The recent move to Vermont by three Massachusetts health policy experts to become part of that state's unfolding health system transformation prompts the question: why not Massachusetts?
This past weekend, Lindsey Tucker packed her belongings and moved to Montpelier to start a new job as Deputy Commissioner for Vermont's new Health Insurance Exchange. I know Lindsey from her work running the Affordable Care Today (ACT!!) Coalition at Health Care For All (HCFA); more recently, she worked at the Blue Cross Blue Shield Foundation of Massachusetts.
This past summer, Georgia Maheras moved to the Green Mountain State to head up the Vermont Health Care Administration. Georgia had previously worked for HCFA and Health Law Advocates, and was a terrific consumer advocate with the National Association of Insurance Commissioners.
In early 2011, Anya Rader Wallack left the MA Blue Cross Foundation to become Special Assistant to Vermont's new Governor, Peter Shumlin, who was elected in 2010 on an explicit platform to lead Vermont to the creation of a single payer health care financing system. Anya is now the Chair of the Green Mountain Care Board, the focal point of planning for a Vermont single payer system.
Someone once said one is a point, two is a trend, three is a pattern, and four is a movement. So we're one shy of a movement. And it begs a question: why is there no noticeable conversation in Massachusetts about emulating Vermont's intention to create a single payer (aka: Canadian, Medicare for All) scheme?
Last June, the Massachusetts Health Policy Forum sponsored a forum in Boston on the Vermont project with 250 friendly participants. Anya Wallack spoke as did Don George, the President and CEO of Vermont Blue Cross Blue Shield, a surprising supporter of Shumlin’s proposal. Also participating was William Hsiao of the Harvard School of Public Health who produced the original report for the state analyzing the financing prospects for the plan.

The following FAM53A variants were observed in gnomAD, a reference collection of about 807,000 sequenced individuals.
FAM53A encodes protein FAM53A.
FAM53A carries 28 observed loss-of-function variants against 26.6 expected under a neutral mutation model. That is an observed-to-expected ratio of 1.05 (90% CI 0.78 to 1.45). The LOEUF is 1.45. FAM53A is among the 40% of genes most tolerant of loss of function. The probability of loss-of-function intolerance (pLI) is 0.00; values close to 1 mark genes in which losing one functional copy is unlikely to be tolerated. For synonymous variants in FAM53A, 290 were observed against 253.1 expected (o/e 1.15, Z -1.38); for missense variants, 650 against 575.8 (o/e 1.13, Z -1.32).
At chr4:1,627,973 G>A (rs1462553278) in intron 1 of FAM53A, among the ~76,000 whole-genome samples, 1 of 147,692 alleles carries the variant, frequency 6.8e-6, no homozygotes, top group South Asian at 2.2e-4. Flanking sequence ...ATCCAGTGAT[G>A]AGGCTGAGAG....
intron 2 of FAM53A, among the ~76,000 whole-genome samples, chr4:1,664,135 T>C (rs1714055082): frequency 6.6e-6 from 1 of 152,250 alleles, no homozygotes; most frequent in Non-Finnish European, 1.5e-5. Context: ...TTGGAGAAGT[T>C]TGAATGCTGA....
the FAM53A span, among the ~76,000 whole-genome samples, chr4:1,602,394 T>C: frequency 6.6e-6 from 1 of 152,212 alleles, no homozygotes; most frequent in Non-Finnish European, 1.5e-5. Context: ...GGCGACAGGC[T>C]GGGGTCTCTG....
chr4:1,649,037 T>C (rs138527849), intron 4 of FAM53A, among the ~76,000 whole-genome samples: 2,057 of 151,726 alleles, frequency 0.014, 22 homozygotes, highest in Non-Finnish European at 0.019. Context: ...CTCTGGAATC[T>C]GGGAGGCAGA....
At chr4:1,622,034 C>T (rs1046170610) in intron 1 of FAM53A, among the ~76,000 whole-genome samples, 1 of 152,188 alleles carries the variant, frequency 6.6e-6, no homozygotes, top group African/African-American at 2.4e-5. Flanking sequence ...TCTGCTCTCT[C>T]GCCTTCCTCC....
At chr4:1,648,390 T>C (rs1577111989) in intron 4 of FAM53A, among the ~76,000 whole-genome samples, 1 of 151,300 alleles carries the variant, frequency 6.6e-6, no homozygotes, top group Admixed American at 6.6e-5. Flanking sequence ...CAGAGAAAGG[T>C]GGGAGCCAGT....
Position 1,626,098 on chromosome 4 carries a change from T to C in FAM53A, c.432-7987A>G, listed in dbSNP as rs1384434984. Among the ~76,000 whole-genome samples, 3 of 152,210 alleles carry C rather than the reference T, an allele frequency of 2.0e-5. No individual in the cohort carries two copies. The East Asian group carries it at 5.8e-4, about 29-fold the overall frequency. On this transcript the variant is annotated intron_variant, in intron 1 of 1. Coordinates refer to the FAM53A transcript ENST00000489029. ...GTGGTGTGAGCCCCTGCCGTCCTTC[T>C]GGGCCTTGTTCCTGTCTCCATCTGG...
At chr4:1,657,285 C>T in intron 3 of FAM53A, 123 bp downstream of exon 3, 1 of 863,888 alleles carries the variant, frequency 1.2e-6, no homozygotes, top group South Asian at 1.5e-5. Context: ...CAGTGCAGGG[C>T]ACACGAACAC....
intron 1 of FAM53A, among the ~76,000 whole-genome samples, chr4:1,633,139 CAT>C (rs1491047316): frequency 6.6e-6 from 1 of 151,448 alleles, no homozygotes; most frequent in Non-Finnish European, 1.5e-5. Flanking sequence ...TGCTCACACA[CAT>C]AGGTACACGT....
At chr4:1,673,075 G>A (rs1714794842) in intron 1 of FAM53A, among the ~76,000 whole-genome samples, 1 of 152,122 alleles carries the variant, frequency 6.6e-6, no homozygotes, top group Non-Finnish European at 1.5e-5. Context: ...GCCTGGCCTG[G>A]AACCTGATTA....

Since then, Vermont has continued its planning and progress and the topic has dropped off the radar screen in Massachusetts. This is not surprising. Massachusetts is now engaged in a complex legislative policy process to reform the payment system – leaving little room for alternatives. And yet, if payment reform works as well as possible, it will shave a few points off the yearly rate of growth of a health system already massively more expensive than it has any right to be. When, where, and how do we address how to lower the cost of a system already bloated with excess costs?
the mid-1990s, the advocacy group, MassCare, has been raising the single payer
flag; its current leader at the State House is Senator James Eldridge. The MassCare legislation has never gone past the
committee stage, and prospects look no different in the current session that
ends most of its work next July. Not much sign of life there.
path ahead for most Massachusetts consumers is has two realities: increasingly limited choice
of providers through restricted networks and rising cost sharing in the form of co-pays, coinsurance, and deductibles. The choice most important to consumers is the
power to pick your physician and that is diminishing for growing
numbers of middle-income families. It is
far less important for consumers to choose which insurer is going to play the role of restricting
in Vermont, it is difficult to see our Massachusetts Great and General Court (aka:
the Legislature) making a move of such magnitude. Speaking as a former and proud member of the House,
I don’t think the public would tolerate the Legislature making a decision as momentous as this. Still, Massachusetts is one of
a handful of states east of the Mississippi that permits citizens to propose
their own laws and put them before the voters, every November in the even-numbered year.
Seems pretty improbable – but many things are improbable until they
Last I checked, the road to Montpelier runs in two directions.
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